Strategy vs. execution

As some of you may know, the Toronto Transit Commission (TTC) recently announced fare hikes to ride the public transit system in Toronto. These fare hikes will come into effect at the end of January. What do you think the first thing people will do when they hear that there is a fare hike? That's right, they will buy as many tokens or tickets as they can at the existing price. It is called hoarding by some. I call it being smart.

Do you think that this is something reasonable that the TTC should have expected? Of course it is. How could someone overlook this as a possibility? But they did. So as a temporary solution, the TTC has now enforced a rule that people can only buy 5 tokens at once to prevent hoarding. They also came out with new temporary tickets that can only be used until the end of January when the fare hike takes effect. So what is the problem? Retailers and collectors have a shortage of the temporary tickets, so people riding public transit on a regular basis cannot buy them. See this article.

The TTC developed the ticket strategy to avoid hoarding, which they estimate would have cost them $5m over two months. They call this what would have been lost revenue, but why couldn't they have anticipated this? Why was the execution so poor? How could they not have discussed some of the scenarios that might take place when fares are raised? I have to imagine that the first thing that would come to most people's minds is that people will try and buy a lot now at the current price to save in the future. That is not a stretch, so why is the TTC having to be so reactive?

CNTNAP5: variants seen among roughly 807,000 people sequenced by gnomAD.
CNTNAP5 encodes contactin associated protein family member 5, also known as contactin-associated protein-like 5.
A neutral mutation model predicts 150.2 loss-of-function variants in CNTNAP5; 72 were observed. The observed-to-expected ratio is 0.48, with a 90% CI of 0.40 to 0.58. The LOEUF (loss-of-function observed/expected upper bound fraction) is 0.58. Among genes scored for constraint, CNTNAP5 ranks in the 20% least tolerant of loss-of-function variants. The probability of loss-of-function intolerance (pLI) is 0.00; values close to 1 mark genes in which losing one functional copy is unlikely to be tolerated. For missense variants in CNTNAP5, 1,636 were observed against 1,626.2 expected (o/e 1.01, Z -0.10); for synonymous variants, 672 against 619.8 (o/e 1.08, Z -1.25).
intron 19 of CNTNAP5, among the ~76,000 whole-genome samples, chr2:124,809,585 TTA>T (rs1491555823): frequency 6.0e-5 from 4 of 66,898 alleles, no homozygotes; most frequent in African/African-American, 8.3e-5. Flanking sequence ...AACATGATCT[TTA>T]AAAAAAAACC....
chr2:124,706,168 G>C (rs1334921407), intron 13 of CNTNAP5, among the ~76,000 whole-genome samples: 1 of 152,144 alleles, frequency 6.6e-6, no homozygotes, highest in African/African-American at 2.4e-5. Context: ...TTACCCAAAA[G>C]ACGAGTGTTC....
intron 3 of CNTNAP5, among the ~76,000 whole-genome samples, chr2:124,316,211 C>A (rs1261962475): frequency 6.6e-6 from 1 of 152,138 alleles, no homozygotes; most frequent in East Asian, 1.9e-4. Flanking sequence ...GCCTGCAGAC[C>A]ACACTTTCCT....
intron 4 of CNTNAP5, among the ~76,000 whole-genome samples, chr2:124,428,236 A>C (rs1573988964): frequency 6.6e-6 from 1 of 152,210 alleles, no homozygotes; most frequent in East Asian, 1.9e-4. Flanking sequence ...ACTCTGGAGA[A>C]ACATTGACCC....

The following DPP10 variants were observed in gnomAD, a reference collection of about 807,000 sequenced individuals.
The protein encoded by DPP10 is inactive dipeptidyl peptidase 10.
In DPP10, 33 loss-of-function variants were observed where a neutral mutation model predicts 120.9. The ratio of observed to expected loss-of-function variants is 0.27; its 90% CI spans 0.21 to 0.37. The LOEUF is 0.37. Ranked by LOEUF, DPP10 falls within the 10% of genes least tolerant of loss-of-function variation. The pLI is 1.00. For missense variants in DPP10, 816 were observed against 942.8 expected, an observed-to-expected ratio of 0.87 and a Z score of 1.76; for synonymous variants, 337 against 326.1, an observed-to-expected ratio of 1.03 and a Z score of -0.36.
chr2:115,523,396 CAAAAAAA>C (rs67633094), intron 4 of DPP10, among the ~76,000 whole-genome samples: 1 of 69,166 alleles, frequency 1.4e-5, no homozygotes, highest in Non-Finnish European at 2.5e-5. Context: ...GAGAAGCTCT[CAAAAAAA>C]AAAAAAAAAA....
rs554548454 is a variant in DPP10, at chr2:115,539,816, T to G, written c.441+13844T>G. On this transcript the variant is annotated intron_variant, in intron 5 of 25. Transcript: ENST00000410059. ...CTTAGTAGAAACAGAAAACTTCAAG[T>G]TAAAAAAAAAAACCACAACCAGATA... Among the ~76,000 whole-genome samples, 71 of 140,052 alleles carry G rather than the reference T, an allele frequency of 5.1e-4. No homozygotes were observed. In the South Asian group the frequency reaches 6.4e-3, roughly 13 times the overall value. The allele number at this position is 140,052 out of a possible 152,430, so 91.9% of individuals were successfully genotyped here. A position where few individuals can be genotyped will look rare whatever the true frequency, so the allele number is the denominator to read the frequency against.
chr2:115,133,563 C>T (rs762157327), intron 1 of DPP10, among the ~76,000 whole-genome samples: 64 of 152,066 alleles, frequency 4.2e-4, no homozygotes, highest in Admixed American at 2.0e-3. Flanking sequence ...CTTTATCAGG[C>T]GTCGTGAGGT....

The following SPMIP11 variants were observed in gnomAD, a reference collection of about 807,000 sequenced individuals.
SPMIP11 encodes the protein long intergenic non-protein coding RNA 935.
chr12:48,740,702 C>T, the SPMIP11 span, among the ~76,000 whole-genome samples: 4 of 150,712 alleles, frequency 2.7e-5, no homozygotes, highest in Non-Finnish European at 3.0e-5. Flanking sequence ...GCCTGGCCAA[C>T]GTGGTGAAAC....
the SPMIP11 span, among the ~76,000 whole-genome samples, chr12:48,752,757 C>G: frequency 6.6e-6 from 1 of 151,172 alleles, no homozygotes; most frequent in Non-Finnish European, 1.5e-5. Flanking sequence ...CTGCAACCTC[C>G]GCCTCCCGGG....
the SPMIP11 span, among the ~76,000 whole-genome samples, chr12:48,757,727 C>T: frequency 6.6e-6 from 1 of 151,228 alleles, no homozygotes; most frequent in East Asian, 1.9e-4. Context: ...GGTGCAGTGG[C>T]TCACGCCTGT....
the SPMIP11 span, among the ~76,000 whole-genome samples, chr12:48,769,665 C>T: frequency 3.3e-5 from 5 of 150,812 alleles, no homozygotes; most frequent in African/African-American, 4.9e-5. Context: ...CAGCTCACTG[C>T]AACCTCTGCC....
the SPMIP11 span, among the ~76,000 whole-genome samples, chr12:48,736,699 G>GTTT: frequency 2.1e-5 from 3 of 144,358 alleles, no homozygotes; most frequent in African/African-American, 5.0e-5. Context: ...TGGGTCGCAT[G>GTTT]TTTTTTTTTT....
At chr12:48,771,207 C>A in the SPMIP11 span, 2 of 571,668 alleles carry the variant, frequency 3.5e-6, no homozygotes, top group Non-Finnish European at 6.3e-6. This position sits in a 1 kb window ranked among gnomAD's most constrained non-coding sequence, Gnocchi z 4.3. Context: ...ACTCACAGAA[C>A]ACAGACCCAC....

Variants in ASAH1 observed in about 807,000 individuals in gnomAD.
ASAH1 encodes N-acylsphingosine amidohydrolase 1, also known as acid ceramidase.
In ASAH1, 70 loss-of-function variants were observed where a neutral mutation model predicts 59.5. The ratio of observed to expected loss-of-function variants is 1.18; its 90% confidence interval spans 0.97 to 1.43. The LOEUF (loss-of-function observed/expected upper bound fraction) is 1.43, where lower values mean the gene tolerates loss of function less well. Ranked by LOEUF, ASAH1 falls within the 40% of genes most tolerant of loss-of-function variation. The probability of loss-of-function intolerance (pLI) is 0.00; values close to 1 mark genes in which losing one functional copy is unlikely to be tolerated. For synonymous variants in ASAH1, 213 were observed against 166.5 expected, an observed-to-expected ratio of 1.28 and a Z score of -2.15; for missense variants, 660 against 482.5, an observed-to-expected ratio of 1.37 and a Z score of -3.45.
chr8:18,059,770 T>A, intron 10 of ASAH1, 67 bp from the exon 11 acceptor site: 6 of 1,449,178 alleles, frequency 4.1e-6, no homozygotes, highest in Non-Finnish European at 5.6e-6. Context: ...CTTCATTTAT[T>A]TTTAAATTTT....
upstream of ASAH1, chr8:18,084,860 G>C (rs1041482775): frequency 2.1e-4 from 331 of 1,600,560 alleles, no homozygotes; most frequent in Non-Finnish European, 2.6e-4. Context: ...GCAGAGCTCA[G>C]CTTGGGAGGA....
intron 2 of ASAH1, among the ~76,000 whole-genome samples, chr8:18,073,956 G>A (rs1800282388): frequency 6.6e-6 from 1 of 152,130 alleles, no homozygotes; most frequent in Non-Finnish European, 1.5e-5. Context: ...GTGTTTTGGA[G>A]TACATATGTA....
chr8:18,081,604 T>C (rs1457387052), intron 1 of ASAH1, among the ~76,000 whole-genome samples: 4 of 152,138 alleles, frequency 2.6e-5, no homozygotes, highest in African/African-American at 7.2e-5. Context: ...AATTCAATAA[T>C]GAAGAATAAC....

Many organizations spend so much time reacting to what is going on around them, and focusing on head-down operational decisions, that they forget about execution. Think about how many great ideas and initiatives have failed because of poor execution. Organizations need to focus just as much on the execution as the development of the initial strategy. Execution is what gets you results. Execution is what provides a competitive advantage. Execution is what differentiates a good idea from delivered results. We need to spend more time on execution and less time reacting to every new situation that comes up.


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